Following Lucy would be Derek Lovley. With a great PR department at UMass, Lovley has created a major buzz in the microbial and alternative energy world. Lovley’s work with Geobacter has discovered the potential to create a microbial fuel cell due to extracellular electron transfer. In other words, bacteria conducting electricity as a by-product of cell metabolism.

George Church would be a great addition to any fantasy science team. He recently made headlines due to awful translation. He had pioneered genetic research and to add a cool factor, has appeared on The Colbert Report. He most recent book was ‘translated” onto DNA. 20 million copies of his book were encoded onto DNA and is kept in a small vial.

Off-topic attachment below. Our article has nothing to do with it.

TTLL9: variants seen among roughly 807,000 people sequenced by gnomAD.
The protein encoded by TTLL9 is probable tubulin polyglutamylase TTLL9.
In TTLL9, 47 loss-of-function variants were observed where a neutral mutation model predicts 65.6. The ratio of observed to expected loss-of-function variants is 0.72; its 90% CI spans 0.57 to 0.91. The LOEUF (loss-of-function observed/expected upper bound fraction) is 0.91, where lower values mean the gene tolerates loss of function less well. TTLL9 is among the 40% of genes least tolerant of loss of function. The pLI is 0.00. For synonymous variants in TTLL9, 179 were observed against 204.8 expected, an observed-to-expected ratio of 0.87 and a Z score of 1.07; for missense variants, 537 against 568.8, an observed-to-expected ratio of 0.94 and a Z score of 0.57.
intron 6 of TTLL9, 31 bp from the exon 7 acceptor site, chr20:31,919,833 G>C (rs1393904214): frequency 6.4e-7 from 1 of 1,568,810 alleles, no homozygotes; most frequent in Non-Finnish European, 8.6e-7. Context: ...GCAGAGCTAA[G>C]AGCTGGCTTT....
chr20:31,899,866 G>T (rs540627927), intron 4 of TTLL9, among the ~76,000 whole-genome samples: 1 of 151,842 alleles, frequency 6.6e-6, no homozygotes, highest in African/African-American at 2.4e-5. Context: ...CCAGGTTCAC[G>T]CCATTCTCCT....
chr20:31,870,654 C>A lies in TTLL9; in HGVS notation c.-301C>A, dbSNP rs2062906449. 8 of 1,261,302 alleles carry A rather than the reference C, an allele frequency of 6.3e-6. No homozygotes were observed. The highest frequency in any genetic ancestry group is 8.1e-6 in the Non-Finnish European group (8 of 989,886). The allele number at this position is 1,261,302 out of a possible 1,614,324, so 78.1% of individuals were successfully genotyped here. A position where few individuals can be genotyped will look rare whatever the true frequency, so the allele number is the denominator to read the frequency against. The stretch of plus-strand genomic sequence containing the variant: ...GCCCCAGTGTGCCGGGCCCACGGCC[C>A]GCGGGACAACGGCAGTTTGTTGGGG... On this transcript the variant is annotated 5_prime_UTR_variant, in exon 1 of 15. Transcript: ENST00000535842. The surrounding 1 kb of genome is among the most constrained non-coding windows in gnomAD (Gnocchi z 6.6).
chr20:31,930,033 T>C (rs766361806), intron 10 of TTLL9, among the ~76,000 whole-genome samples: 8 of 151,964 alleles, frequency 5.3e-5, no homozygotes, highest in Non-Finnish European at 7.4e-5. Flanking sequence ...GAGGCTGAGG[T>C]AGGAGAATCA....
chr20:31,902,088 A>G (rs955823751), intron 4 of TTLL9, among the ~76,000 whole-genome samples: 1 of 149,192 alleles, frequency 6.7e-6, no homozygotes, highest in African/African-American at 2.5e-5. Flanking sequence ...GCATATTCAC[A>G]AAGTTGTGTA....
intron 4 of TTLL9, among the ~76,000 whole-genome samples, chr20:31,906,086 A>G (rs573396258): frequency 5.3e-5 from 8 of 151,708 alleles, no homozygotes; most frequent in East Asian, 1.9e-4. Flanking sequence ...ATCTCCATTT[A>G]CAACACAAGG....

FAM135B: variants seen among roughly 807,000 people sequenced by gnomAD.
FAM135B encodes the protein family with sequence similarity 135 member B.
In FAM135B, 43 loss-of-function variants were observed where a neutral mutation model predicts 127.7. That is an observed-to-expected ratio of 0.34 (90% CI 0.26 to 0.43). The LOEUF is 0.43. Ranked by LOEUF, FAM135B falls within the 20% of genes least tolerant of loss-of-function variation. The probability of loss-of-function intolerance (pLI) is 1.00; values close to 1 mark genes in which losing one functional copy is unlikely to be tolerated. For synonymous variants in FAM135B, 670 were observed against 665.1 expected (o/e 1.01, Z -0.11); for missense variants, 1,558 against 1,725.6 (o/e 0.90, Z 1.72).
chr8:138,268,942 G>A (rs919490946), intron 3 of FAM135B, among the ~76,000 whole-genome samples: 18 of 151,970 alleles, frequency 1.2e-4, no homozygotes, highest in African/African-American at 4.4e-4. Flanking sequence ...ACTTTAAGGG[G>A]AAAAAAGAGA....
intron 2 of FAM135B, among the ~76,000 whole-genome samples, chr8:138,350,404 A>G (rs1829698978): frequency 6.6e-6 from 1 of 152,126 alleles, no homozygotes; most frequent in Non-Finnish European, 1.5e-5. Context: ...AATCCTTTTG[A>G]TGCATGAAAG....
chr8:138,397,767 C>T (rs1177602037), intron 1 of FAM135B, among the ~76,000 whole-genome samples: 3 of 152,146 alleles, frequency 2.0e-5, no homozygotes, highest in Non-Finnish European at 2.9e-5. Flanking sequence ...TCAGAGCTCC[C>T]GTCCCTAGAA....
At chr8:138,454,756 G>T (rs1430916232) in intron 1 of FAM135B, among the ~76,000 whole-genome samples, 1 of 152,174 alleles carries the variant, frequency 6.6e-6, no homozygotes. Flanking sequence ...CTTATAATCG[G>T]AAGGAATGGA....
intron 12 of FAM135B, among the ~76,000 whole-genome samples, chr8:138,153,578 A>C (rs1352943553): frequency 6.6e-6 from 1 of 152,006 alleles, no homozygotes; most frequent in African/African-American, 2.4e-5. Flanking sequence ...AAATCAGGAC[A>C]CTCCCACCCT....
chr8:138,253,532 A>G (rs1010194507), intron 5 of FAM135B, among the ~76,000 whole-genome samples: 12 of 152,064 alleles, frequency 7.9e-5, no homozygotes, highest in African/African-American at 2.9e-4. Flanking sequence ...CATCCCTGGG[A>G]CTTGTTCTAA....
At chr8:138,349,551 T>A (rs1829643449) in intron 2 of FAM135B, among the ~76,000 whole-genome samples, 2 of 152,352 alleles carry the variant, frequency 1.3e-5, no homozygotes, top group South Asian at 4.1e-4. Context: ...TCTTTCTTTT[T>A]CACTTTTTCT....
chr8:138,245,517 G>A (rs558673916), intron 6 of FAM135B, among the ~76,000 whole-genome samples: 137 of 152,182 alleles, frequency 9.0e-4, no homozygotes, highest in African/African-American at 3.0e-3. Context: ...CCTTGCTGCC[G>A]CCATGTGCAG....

I think 5 team members is a good start. I may pick up some more scientists off the waiver wire later, but I like my chances to make it to the championship. We’ll see…

Dr. at the November 29, 2005 meeting of the NA...
Dr. at the November 29, 2005 meeting of the NASA Advisory Council, in Washington, D.C. (Photo credit: Wikipedia)